Julian of Norwich

My husband was cracked open to fix his heart. His chest and leg hair shaved, holes drilled in the leg, skin sliced, and sternum sawed to get to the four pound muscle of life. And while his dry bones have been knit back together by a skilled surgeon and steel thread, the rest of us seem to be falling apart.

Yesterday I noticed soft, fine wrinkles on my cheek, creases created by a pillow. But they were there again today and now, forever. I have lost weight and hope and faith. I have found friends and love and God again. I have wailed and gnashed teeth and prayed. I have mothered and run. Written thank you notes and called my people. I have been trying to practice radical self-care. But how is there time or energy or money? I have been a single parent for three weeks now and having to do it in whispered tones. The quiet is not working and we have lashed out at one another, trying to process our pain and fear and life, leaving new scars in the process.I have not bothered with the asking of why. It does not matter to me. I cry out for the how. How do I dream again? How will I laugh or love or wait? How can I take the pain away? How do I stay kind and open to the good? My strength and energy can carry this load but I am tired and I am chasing the light, the sign of what I will become.

When the snow had melted but the girls were still home, we had tired of the outdoors. The brown mud and goosh had overtaken the crisp cold white. Coco and Anna created fluorescent cookies from play-dough. A photo-shoot ensued for Hen House linens, my girls constantly questing for fame. The colorful napkins designed by our survivor friend Katherine were placed near the art and the girls stepped outside to be in the background of the picture. As I snapped the shutter, trying to capture their vision, they began to hug one another outside. A casual arm draped over the shoulder, a kiss on the cheek and a smile. Laughter and goofiness and love was uncovered and shared –a sliver of hope breaking through the crack of our hearts. And I pressed the button as fast as I could, wanting to make this fleeting moment of love permanent. It ended as quickly as it began. But the hope remained. And the tiniest of hymns cracked through the fuzz of my head: “Love like a yellow daffodil coming through the snow. Love like a yellow daffodil is Lord of all I know. Ring out bells of Norwich and let the winter go. All will be well again I know.”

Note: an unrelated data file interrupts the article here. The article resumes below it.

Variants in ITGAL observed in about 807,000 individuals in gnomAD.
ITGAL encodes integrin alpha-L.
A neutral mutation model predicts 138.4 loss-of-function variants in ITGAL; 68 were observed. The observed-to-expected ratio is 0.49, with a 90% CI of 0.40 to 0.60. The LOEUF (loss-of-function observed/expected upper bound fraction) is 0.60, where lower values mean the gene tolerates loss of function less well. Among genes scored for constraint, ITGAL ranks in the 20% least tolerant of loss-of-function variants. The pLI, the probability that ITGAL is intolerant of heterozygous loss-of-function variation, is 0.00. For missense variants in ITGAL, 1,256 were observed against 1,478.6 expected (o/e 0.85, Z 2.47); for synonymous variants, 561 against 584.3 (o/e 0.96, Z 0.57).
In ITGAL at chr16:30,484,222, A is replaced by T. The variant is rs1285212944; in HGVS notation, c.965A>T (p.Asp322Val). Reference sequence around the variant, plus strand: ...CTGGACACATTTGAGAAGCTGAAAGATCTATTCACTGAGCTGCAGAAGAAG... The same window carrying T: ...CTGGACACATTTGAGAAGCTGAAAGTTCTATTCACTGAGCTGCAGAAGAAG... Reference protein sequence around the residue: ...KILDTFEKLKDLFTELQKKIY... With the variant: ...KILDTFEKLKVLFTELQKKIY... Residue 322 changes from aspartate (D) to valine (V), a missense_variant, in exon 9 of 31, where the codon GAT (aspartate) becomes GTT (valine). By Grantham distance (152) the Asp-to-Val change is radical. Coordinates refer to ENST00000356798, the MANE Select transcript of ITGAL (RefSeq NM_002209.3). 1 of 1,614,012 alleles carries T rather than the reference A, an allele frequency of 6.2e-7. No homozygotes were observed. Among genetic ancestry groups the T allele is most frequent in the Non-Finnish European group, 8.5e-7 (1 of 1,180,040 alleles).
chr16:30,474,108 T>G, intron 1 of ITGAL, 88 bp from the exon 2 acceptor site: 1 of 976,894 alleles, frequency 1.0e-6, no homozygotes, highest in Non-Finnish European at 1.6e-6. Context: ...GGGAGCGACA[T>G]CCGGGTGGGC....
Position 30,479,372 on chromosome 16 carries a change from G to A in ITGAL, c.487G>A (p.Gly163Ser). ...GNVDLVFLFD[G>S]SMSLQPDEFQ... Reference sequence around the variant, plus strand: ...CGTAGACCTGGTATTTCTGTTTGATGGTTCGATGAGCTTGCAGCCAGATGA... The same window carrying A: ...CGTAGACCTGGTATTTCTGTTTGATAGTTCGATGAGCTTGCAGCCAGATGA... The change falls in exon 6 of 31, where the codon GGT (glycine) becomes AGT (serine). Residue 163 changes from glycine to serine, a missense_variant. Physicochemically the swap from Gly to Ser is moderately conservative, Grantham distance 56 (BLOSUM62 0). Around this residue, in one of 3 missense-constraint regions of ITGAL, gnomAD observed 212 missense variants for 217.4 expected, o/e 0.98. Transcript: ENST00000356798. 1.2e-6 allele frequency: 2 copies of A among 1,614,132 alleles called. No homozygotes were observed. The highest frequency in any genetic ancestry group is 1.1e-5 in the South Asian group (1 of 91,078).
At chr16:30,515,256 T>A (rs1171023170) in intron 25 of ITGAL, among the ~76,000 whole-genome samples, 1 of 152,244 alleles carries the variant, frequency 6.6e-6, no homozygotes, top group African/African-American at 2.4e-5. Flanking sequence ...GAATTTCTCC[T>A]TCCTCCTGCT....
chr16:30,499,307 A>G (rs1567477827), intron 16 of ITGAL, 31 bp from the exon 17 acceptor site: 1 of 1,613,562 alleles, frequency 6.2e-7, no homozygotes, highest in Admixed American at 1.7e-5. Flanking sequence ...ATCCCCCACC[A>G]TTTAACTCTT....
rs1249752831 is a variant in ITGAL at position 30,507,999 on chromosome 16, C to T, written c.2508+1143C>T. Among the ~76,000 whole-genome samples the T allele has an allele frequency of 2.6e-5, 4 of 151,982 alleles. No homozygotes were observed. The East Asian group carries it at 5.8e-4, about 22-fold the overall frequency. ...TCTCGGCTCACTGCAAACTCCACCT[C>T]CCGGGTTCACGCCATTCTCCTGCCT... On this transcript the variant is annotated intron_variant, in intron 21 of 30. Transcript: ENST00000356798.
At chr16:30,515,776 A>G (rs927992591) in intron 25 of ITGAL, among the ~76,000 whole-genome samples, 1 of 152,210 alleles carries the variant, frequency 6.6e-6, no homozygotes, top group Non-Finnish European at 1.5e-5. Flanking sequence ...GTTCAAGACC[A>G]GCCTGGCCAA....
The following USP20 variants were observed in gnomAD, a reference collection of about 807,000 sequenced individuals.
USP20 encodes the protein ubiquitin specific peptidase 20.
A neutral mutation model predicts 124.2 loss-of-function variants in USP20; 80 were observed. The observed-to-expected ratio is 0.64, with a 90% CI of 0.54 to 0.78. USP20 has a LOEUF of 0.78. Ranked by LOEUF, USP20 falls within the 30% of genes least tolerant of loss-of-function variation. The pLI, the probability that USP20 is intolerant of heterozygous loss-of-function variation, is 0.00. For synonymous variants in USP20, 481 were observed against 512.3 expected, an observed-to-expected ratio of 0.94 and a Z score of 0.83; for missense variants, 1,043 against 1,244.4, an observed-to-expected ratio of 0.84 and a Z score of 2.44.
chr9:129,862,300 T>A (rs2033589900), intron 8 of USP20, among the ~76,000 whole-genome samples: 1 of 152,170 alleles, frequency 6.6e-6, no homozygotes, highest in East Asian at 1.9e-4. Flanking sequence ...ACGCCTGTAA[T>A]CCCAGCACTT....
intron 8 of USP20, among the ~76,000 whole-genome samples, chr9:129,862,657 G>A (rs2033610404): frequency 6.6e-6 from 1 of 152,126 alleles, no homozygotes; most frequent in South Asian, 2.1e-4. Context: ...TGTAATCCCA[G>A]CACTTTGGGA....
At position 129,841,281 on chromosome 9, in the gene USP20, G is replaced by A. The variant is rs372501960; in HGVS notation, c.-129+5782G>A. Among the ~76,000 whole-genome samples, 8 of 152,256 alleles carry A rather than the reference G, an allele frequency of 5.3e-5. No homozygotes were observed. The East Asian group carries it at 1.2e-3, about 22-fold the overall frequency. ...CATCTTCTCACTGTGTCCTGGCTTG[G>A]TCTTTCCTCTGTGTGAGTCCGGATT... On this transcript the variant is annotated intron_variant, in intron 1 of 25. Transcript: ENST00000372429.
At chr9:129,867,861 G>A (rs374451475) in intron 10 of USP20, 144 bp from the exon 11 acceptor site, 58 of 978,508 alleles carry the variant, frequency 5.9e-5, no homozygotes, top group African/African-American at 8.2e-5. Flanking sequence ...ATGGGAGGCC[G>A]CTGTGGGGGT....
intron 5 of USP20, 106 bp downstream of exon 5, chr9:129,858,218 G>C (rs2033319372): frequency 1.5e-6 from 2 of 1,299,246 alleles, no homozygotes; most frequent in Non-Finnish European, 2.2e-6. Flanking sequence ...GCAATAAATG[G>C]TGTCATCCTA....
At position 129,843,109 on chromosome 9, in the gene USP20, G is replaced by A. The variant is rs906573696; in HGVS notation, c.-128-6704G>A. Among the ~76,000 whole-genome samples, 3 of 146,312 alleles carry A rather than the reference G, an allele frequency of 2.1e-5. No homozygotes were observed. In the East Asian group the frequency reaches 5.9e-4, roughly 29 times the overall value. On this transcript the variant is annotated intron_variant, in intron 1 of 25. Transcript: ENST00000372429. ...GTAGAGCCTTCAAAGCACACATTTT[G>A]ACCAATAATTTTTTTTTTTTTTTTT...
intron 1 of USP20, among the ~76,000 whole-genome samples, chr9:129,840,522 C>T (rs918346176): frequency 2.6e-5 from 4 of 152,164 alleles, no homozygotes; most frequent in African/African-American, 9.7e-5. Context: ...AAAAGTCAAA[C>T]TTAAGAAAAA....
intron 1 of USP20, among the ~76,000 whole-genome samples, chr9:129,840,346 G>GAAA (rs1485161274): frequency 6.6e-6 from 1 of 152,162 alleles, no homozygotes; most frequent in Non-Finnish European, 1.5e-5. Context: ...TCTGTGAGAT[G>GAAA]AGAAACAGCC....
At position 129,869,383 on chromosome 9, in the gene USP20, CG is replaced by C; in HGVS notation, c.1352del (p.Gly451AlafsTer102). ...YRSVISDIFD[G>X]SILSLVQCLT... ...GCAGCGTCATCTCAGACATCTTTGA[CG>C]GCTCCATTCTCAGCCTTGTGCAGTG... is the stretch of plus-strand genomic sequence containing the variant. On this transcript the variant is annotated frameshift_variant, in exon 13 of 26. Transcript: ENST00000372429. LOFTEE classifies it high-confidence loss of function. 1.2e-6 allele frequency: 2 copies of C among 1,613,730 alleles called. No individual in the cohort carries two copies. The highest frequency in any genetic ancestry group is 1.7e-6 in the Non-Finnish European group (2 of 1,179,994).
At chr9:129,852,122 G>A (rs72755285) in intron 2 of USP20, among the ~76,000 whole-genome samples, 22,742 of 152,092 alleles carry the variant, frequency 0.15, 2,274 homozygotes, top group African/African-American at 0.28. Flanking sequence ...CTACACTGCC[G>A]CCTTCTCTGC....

One response to this post.

  1. Posted by Carolyn walker on March 17, 2014 at 9:50 pm

    Thank you for sharing this. I admire your tenacity; strength and faith.

    I so needed that quote you put about hands being full but hearts fuller.

    Thank you and Greg and God bless you


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